Sunday, March 08, 2009

Ethanol: The Cycle Continues?

The New York Times reported on Friday that ethanol producers are lobbying the federal government to increase the 10% cap on ethanol in most gasoline blends to as much as 15%.
Ethanol producers also argue that without higher blend levels, there will be no room for the development of advanced biofuels, like ethanol made from wood chips or biological waste. Congress has set a target of using 21 billion gallons of that type of ethanol and other biofuels by the year 2022.

As I have discussed previously, the renewable fuel standard (RFS) that is the source of the 2022 target is flawed and provides incentives primarily (if not exclusively) for the worst kind of ethanol – that which is derived from food-related sources like corn. The claim that a higher ethanol blend today would in any way influence development of ethanol from wood chips or biological waste, much less next-generation sources like cellulosic or algae-derived ethanol, is dubious at best.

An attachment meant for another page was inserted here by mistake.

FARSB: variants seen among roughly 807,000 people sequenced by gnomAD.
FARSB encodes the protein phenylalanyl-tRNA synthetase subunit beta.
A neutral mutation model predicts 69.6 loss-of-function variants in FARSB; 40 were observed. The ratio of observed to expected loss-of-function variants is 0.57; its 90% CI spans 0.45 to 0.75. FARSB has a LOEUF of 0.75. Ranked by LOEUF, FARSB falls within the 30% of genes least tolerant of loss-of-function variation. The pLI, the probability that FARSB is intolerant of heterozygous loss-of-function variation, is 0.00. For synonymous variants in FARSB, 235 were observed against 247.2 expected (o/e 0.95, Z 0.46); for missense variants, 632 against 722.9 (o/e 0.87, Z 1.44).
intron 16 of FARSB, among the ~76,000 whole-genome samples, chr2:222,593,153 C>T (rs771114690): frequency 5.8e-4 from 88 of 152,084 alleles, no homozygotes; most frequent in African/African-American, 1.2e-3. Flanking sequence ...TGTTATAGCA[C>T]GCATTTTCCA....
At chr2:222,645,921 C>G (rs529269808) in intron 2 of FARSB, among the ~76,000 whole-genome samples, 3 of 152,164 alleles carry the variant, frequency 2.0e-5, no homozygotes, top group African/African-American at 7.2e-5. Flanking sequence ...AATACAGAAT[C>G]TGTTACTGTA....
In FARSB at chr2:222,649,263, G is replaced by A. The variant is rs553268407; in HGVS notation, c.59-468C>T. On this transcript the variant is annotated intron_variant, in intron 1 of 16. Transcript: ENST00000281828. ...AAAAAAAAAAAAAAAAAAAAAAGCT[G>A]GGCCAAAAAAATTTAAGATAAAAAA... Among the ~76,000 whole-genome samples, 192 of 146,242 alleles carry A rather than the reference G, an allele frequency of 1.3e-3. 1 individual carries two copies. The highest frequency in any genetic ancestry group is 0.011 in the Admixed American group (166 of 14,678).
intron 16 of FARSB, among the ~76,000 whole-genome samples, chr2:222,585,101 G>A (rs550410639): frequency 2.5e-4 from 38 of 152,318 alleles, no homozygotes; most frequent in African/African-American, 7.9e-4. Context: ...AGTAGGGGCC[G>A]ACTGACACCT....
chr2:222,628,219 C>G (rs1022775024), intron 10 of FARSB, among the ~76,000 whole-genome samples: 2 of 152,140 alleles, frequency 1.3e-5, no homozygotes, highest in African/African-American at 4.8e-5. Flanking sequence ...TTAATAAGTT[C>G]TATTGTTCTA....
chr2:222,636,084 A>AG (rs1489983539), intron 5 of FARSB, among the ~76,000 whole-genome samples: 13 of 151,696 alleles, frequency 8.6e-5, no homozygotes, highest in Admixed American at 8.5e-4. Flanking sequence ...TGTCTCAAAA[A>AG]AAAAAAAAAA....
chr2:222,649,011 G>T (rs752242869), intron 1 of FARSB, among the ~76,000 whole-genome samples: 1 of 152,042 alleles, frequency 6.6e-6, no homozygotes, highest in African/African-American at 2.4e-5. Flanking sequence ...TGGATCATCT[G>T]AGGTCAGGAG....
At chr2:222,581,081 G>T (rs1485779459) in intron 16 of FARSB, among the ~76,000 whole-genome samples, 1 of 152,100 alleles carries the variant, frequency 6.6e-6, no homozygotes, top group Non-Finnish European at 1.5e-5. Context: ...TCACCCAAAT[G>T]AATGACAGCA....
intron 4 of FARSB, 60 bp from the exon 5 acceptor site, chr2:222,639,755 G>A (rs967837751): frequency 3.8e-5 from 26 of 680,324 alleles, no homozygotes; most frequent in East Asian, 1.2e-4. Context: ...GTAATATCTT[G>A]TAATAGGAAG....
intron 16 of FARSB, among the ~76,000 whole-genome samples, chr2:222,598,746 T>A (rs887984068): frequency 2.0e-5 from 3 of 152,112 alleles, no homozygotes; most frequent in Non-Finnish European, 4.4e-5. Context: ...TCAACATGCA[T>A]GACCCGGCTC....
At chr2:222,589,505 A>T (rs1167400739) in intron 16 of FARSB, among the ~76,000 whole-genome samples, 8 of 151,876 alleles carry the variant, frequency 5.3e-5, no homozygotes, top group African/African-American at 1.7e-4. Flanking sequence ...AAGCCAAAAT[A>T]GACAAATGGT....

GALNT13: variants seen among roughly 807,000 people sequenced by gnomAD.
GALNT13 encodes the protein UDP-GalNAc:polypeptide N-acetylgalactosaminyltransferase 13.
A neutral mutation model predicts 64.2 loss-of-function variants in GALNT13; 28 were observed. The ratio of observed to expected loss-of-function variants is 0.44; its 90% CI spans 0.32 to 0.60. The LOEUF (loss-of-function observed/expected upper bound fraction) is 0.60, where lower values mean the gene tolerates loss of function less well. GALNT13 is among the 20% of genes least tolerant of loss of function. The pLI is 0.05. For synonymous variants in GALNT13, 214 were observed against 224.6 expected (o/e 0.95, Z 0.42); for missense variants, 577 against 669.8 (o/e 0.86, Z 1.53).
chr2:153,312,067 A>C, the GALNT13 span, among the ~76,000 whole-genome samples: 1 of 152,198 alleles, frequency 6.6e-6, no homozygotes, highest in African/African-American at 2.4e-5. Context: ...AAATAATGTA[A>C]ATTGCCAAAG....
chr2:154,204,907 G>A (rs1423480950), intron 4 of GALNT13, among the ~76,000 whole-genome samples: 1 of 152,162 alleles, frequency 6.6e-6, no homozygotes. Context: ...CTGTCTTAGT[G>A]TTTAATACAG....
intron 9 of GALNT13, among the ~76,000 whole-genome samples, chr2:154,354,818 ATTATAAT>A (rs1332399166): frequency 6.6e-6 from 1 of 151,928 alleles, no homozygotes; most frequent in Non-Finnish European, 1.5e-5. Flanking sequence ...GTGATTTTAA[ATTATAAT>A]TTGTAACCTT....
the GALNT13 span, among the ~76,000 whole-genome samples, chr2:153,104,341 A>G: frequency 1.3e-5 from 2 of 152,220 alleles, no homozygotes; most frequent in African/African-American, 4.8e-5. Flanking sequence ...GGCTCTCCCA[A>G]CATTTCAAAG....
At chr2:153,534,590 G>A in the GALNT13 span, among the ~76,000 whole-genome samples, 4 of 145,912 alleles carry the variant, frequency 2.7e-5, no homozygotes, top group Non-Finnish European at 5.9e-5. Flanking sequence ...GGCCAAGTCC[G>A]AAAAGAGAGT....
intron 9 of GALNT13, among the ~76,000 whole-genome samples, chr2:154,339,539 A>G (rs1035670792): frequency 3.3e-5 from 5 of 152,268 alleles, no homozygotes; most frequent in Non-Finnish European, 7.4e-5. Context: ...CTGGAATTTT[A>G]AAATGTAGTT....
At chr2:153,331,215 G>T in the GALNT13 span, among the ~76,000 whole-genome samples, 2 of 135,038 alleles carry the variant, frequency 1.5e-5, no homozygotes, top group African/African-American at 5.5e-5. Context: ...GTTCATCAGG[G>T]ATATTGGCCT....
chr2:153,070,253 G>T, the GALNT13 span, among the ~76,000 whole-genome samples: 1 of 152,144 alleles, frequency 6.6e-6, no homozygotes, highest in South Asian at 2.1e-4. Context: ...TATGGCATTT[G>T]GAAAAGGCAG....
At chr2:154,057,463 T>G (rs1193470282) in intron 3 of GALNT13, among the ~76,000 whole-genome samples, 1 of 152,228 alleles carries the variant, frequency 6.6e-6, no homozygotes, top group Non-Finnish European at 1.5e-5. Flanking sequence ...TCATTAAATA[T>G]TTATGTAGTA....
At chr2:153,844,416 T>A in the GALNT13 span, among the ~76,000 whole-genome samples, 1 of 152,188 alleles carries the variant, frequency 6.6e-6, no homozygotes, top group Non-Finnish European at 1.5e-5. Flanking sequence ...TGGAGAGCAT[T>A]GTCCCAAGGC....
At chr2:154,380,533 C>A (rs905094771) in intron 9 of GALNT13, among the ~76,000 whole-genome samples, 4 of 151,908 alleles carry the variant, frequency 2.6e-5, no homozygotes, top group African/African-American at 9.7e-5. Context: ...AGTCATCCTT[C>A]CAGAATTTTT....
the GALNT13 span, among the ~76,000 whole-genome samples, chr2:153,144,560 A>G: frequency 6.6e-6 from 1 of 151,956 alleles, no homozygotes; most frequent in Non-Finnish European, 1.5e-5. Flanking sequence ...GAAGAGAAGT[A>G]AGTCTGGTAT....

An increase in the current permissible ethanol ratio in gasoline blends would simply increase the amount of corn-based ethanol produced. Some ethanol plants are closing (again) across the country and other ethanol producers are at or near bankruptcy. An increase in the amount of ethanol that can be used in gasoline blends may help some of these companies, but in no way will it have a significant impact on next-generation ethanol research.

An increase in the amount of ethanol that can be permitted in current gasoline blends would be a repeat of the mistake made with the initial RFS – it would create further incentives for corn-based ethanol, which adversely affects food markets directly and indirectly. If ethanol is going to be a viable and valuable alternative to fossil fuels, technological advancements are necessary. Any incentives to promote ethanol production should thus be targeted at advanced biofuels, not ethanol that comes from current production processes. Otherwise, the tactics don't match the strategy.


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